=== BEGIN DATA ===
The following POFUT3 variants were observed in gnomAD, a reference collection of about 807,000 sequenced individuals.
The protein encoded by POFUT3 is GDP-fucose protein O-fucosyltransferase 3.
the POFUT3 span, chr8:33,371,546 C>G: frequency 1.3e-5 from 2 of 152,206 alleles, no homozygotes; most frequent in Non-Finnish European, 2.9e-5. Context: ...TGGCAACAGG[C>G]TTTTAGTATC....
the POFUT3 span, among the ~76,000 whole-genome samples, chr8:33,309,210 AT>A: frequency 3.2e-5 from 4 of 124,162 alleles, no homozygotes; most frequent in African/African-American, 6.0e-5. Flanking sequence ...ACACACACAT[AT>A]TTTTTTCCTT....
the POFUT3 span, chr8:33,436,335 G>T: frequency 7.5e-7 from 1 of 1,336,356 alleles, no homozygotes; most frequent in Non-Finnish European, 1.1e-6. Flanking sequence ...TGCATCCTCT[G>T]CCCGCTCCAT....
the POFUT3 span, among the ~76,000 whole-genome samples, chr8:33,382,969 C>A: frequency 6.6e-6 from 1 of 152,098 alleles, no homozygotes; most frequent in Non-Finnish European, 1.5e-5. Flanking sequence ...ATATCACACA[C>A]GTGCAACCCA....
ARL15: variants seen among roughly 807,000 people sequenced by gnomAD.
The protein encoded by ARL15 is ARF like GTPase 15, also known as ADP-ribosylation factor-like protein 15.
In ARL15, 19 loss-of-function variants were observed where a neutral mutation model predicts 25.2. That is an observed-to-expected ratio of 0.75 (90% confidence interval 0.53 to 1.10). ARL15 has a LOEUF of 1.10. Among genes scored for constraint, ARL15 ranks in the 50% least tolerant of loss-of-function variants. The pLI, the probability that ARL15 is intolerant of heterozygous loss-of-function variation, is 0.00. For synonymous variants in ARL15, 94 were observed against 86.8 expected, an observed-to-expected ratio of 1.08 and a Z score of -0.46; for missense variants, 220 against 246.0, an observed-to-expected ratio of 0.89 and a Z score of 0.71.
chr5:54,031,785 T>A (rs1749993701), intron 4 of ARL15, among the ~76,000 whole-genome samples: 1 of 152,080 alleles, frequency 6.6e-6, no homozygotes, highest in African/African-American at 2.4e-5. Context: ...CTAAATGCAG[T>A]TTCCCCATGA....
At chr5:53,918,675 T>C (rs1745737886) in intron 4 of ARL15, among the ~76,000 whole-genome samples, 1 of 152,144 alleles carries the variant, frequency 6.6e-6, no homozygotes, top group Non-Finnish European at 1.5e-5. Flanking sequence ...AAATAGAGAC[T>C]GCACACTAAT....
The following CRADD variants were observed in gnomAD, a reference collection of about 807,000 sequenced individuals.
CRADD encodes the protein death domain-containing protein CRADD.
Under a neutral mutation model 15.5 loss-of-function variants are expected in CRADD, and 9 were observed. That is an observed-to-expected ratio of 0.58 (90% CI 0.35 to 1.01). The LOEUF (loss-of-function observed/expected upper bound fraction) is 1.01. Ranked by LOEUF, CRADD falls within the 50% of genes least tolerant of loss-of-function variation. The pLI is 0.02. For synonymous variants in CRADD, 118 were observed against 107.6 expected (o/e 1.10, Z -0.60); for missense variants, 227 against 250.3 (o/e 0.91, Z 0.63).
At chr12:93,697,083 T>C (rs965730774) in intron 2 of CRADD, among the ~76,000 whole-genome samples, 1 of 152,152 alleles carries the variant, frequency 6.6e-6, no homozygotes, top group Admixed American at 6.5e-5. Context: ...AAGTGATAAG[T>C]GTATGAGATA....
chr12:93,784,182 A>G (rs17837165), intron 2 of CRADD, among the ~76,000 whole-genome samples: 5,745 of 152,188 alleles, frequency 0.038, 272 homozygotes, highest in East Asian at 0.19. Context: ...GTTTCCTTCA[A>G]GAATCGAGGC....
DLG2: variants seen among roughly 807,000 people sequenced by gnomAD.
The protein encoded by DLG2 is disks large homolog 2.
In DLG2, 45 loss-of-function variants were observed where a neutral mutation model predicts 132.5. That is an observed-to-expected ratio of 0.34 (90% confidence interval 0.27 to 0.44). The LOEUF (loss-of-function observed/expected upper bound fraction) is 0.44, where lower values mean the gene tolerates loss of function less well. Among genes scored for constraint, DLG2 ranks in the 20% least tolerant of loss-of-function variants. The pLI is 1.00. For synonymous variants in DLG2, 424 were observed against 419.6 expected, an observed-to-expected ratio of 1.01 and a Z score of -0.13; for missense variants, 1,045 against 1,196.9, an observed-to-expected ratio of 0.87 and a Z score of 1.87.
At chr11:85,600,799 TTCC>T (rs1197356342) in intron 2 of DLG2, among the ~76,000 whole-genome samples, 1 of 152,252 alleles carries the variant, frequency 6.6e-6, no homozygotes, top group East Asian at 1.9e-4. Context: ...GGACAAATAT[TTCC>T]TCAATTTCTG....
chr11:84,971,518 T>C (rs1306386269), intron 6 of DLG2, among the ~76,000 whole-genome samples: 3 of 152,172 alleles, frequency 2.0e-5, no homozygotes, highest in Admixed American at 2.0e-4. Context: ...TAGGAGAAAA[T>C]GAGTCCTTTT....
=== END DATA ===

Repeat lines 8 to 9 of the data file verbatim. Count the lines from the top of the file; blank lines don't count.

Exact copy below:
The protein encoded by ARL15 is ARF like GTPase 15, also known as ADP-ribosylation factor-like protein 15.
In ARL15, 19 loss-of-function variants were observed where a neutral mutation model predicts 25.2. That is an observed-to-expected ratio of 0.75 (90% confidence interval 0.53 to 1.10). ARL15 has a LOEUF of 1.10. Among genes scored for constraint, ARL15 ranks in the 50% least tolerant of loss-of-function variants. The pLI, the probability that ARL15 is intolerant of heterozygous loss-of-function variation, is 0.00. For synonymous variants in ARL15, 94 were observed against 86.8 expected, an observed-to-expected ratio of 1.08 and a Z score of -0.46; for missense variants, 220 against 246.0, an observed-to-expected ratio of 0.89 and a Z score of 0.71.